oxidation state of 300 proteins in vivo in the yeast Saccharomyces cerevisiae, Brandes et al. have
now determined how the oxidation state of these proteins changes over the lifespan of
S. cerevisiae, which is a popular model system for analyzing aging in cells that are in a high metabolic
state but are no longer dividing. This made it possible to identify protein targets that might—as a
result of changes in their oxidation state caused by reactive oxygen species—contribute to the
physiological alterations observed in aging organisms. It was also possible to establish a clear
connection between the onset and extent of oxidative stress and lifespan.
Brandes et al. discovered that several days before the yeast cells died, they underwent a sudden
and global ‘redox collapse’ in which ∼80% of the 300 proteins being studied experienced an
increase in their oxidation state (i.e., they lost electrons). This event was preceded by a large drop
in the level of NADPH, a coenzyme that, by being a source of electrons, helps to counterbalance
the removal of electrons by reactive oxygen species within cells. The drop in the concentration of
NADPH occurred very early in the life cycle of the yeast, and set in motion a series of events that
down-regulated most cellular processes. Intriguingly, these findings are consistent with the effect of
caloric restriction, a condition that is known to extend the lifespan of animals. Caloric restriction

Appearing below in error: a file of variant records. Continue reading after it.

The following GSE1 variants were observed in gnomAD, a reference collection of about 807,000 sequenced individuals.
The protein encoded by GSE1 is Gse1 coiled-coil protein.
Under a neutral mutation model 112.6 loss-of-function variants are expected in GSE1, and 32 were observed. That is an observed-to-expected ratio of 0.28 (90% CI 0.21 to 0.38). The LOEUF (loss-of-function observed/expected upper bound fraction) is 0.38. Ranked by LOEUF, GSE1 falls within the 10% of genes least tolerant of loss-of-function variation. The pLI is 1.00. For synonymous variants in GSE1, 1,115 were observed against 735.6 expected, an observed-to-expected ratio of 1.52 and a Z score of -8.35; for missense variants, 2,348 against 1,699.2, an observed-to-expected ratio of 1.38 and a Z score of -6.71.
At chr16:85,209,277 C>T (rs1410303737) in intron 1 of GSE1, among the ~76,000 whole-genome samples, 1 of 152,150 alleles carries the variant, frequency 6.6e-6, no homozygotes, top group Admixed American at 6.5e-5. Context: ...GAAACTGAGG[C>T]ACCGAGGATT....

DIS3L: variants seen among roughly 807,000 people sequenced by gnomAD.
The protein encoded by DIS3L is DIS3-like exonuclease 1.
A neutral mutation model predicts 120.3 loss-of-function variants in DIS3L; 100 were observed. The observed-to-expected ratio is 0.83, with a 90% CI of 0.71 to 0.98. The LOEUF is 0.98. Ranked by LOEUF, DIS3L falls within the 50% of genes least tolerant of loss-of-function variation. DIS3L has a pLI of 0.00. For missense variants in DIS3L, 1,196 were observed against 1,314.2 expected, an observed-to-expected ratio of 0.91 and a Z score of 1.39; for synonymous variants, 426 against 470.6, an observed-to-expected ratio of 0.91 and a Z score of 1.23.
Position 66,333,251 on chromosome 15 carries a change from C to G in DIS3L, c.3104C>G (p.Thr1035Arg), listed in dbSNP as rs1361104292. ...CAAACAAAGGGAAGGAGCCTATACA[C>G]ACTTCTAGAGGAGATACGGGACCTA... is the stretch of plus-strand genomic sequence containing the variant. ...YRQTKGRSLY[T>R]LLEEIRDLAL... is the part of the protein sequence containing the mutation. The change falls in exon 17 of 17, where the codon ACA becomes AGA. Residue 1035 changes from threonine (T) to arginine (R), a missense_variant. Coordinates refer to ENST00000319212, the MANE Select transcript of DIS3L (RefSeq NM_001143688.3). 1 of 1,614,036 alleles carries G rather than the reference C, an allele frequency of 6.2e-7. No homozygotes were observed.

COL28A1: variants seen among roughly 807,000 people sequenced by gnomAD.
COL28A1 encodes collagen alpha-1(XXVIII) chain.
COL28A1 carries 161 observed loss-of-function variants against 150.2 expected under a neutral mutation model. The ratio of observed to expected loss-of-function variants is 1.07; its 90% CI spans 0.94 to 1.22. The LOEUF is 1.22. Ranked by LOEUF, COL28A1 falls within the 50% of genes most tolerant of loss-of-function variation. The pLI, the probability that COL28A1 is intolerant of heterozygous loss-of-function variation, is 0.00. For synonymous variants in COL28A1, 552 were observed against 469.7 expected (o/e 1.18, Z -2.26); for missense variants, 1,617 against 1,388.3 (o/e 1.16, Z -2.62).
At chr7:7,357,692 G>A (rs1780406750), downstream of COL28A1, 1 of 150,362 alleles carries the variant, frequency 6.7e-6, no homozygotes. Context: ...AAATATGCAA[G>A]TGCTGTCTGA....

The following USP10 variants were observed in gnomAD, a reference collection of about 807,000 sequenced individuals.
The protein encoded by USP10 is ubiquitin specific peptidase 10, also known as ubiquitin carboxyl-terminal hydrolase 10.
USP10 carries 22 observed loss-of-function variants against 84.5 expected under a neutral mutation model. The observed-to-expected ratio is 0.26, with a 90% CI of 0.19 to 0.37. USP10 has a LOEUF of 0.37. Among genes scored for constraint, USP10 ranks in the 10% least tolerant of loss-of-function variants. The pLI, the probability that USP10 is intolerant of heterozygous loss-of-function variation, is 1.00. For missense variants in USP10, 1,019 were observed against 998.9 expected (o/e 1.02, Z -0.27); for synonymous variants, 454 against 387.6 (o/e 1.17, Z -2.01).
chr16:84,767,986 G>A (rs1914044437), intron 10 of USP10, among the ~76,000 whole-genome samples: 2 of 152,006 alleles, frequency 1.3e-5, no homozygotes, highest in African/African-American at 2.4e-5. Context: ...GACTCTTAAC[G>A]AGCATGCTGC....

increases cellular NADPH and delays the down-regulation of cellular processes.
Brandes et al. propose that the underlying cause of aging is not the accumulation of reactive
oxygen species: rather, these results suggest that aging is caused by a sudden and substantial
decrease in available NADPH, which means that cells cannot maintain a stable oxidation state. If
borne out by further work, these findings could have a significant impact on how we think about the
aging process, and could require researchers to rethink how they study aging.
Brandes et al. eLife 2013;2:e00306. DOI: 10.7554/eLife.00306 3 of 18
leads to massive thiol oxidation in almost 80% of identified proteins several days prior to cell death.
Cluster analysis revealed that this general protein oxidation is preceded by the oxidation of a subset
of conserved proteins, one of which is NADPH-dependent thioredoxin reductase, a key enzyme in
maintaining redox homeostasis. Redox metabolite and NADPH studies suggested that protein
oxidation is triggered by a decrease in cellular NADPH concentration. Consistent with this hypothesis,
caloric restriction delayed NADPH decrease, early protein oxidation, global redox collapse, and cell
death. Our results suggest that the decrease in cellular NADPH levels initiates oxidation of the cellular
redox machinery and triggers system-wide oxidation events, which significantly precede cell death.
Using OxICAT to monitor the in vivo redox status of proteins during
the chronological lifespan of yeast
Chronological lifespan measurements of S. cerevisiae wild-type and mutant strains suggested that
ROS might affect and potentially even determine the postmitotic lifespan of yeast (Longo et al., 1997;
Fabrizio and Longo, 2007). We therefore decided to apply the quantitative redox proteomic
technique OxICAT to monitor the redox status of our previously identified yeast protein thiols during
the chronological lifespan of this organism. OxICAT is based on the differential modification of in vivo
reduced and in vivo oxidized cysteine thiols, respectively with isotopically light 12C and isotopically